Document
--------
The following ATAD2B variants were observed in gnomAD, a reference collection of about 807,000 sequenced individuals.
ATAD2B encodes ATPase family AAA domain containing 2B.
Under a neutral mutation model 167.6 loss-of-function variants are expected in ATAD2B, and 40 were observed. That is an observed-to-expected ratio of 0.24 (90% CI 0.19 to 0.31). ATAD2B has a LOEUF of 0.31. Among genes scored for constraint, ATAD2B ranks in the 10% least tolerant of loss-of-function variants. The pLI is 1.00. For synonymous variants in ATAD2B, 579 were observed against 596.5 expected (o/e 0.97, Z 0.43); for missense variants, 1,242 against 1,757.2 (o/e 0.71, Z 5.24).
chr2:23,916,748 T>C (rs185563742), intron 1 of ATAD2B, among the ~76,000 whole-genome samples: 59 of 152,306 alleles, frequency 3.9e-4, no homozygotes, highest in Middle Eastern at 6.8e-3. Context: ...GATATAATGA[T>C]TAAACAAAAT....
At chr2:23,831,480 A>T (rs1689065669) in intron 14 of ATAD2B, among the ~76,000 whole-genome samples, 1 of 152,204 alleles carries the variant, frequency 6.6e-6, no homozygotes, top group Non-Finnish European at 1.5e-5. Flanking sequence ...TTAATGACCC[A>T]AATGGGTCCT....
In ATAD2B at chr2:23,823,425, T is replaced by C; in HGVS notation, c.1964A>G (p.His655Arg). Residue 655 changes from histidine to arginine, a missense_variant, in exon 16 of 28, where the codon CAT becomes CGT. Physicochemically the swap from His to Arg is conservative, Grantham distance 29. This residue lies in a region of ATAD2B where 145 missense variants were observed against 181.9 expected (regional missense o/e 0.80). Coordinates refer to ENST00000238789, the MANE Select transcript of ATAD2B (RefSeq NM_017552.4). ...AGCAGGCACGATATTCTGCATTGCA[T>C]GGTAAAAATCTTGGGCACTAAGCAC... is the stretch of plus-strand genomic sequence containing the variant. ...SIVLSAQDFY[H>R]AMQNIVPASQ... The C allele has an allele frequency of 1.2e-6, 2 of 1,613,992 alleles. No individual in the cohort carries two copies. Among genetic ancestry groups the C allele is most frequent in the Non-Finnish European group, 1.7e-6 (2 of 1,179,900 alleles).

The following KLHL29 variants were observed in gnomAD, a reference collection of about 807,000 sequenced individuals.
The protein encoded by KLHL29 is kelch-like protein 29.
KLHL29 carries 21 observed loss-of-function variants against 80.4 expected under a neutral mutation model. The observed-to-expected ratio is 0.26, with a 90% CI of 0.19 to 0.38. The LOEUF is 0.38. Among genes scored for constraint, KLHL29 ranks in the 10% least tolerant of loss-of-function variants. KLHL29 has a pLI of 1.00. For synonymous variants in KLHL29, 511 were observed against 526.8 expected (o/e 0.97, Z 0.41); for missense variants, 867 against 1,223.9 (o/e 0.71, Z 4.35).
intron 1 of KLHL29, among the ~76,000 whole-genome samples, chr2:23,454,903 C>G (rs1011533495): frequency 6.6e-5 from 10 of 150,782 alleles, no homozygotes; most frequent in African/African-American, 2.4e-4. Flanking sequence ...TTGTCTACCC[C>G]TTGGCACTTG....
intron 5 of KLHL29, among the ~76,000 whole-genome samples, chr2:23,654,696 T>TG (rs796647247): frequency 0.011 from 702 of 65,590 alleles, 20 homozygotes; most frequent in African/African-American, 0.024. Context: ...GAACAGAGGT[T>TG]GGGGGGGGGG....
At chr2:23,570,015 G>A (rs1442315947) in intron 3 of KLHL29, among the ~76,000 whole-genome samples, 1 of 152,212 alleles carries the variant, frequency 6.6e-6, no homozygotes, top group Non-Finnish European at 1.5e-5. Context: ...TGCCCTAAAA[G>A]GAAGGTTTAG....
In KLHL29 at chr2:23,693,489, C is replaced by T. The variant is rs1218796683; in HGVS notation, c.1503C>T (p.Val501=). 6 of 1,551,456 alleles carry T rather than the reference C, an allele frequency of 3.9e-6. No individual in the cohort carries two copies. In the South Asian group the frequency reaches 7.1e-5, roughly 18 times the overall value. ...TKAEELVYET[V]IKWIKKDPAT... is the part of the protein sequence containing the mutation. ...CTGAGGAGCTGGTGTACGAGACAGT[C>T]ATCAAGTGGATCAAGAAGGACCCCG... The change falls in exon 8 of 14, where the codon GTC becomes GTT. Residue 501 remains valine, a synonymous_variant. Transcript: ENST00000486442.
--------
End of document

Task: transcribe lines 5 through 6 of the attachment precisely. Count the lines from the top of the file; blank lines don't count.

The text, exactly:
At chr2:23,831,480 A>T (rs1689065669) in intron 14 of ATAD2B, among the ~76,000 whole-genome samples, 1 of 152,204 alleles carries the variant, frequency 6.6e-6, no homozygotes, top group Non-Finnish European at 1.5e-5. Flanking sequence ...TTAATGACCC[A>T]AATGGGTCCT....
In ATAD2B at chr2:23,823,425, T is replaced by C; in HGVS notation, c.1964A>G (p.His655Arg). Residue 655 changes from histidine to arginine, a missense_variant, in exon 16 of 28, where the codon CAT becomes CGT. Physicochemically the swap from His to Arg is conservative, Grantham distance 29. This residue lies in a region of ATAD2B where 145 missense variants were observed against 181.9 expected (regional missense o/e 0.80). Coordinates refer to ENST00000238789, the MANE Select transcript of ATAD2B (RefSeq NM_017552.4). ...AGCAGGCACGATATTCTGCATTGCA[T>C]GGTAAAAATCTTGGGCACTAAGCAC... is the stretch of plus-strand genomic sequence containing the variant. ...SIVLSAQDFY[H>R]AMQNIVPASQ... The C allele has an allele frequency of 1.2e-6, 2 of 1,613,992 alleles. No individual in the cohort carries two copies. Among genetic ancestry groups the C allele is most frequent in the Non-Finnish European group, 1.7e-6 (2 of 1,179,900 alleles).